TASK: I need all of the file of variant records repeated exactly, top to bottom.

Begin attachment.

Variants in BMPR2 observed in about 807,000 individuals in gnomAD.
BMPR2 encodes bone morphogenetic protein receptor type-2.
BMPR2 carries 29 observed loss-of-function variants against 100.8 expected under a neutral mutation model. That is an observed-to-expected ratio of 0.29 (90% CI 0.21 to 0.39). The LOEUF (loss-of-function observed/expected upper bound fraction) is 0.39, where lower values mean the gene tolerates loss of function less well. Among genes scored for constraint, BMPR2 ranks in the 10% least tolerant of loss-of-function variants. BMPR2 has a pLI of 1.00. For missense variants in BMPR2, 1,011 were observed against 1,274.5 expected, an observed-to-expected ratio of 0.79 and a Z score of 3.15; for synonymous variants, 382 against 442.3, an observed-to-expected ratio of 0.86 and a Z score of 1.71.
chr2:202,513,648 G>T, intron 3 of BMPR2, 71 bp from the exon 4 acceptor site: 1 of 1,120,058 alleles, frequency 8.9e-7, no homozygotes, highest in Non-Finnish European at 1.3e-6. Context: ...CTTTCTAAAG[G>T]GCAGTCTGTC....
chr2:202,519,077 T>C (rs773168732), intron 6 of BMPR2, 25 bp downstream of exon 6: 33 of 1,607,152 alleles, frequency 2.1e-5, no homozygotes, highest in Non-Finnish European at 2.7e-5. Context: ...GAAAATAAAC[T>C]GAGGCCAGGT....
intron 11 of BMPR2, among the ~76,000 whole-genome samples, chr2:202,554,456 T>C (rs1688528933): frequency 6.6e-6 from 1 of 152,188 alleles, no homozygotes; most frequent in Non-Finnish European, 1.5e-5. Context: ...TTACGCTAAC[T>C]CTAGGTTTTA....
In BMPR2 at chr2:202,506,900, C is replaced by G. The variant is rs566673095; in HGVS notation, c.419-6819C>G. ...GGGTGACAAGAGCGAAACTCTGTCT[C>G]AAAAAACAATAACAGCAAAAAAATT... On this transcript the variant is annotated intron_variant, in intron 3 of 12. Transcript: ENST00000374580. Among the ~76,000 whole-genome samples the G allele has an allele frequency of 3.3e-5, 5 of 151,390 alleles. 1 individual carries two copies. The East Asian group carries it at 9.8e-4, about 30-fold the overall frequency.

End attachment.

Variants in BMPR2 observed in about 807,000 individuals in gnomAD.
BMPR2 encodes bone morphogenetic protein receptor type-2.
BMPR2 carries 29 observed loss-of-function variants against 100.8 expected under a neutral mutation model. That is an observed-to-expected ratio of 0.29 (90% CI 0.21 to 0.39). The LOEUF (loss-of-function observed/expected upper bound fraction) is 0.39, where lower values mean the gene tolerates loss of function less well. Among genes scored for constraint, BMPR2 ranks in the 10% least tolerant of loss-of-function variants. BMPR2 has a pLI of 1.00. For missense variants in BMPR2, 1,011 were observed against 1,274.5 expected, an observed-to-expected ratio of 0.79 and a Z score of 3.15; for synonymous variants, 382 against 442.3, an observed-to-expected ratio of 0.86 and a Z score of 1.71.
chr2:202,513,648 G>T, intron 3 of BMPR2, 71 bp from the exon 4 acceptor site: 1 of 1,120,058 alleles, frequency 8.9e-7, no homozygotes, highest in Non-Finnish European at 1.3e-6. Context: ...CTTTCTAAAG[G>T]GCAGTCTGTC....
chr2:202,519,077 T>C (rs773168732), intron 6 of BMPR2, 25 bp downstream of exon 6: 33 of 1,607,152 alleles, frequency 2.1e-5, no homozygotes, highest in Non-Finnish European at 2.7e-5. Context: ...GAAAATAAAC[T>C]GAGGCCAGGT....
intron 11 of BMPR2, among the ~76,000 whole-genome samples, chr2:202,554,456 T>C (rs1688528933): frequency 6.6e-6 from 1 of 152,188 alleles, no homozygotes; most frequent in Non-Finnish European, 1.5e-5. Context: ...TTACGCTAAC[T>C]CTAGGTTTTA....
In BMPR2 at chr2:202,506,900, C is replaced by G. The variant is rs566673095; in HGVS notation, c.419-6819C>G. ...GGGTGACAAGAGCGAAACTCTGTCT[C>G]AAAAAACAATAACAGCAAAAAAATT... On this transcript the variant is annotated intron_variant, in intron 3 of 12. Transcript: ENST00000374580. Among the ~76,000 whole-genome samples the G allele has an allele frequency of 3.3e-5, 5 of 151,390 alleles. 1 individual carries two copies. The East Asian group carries it at 9.8e-4, about 30-fold the overall frequency.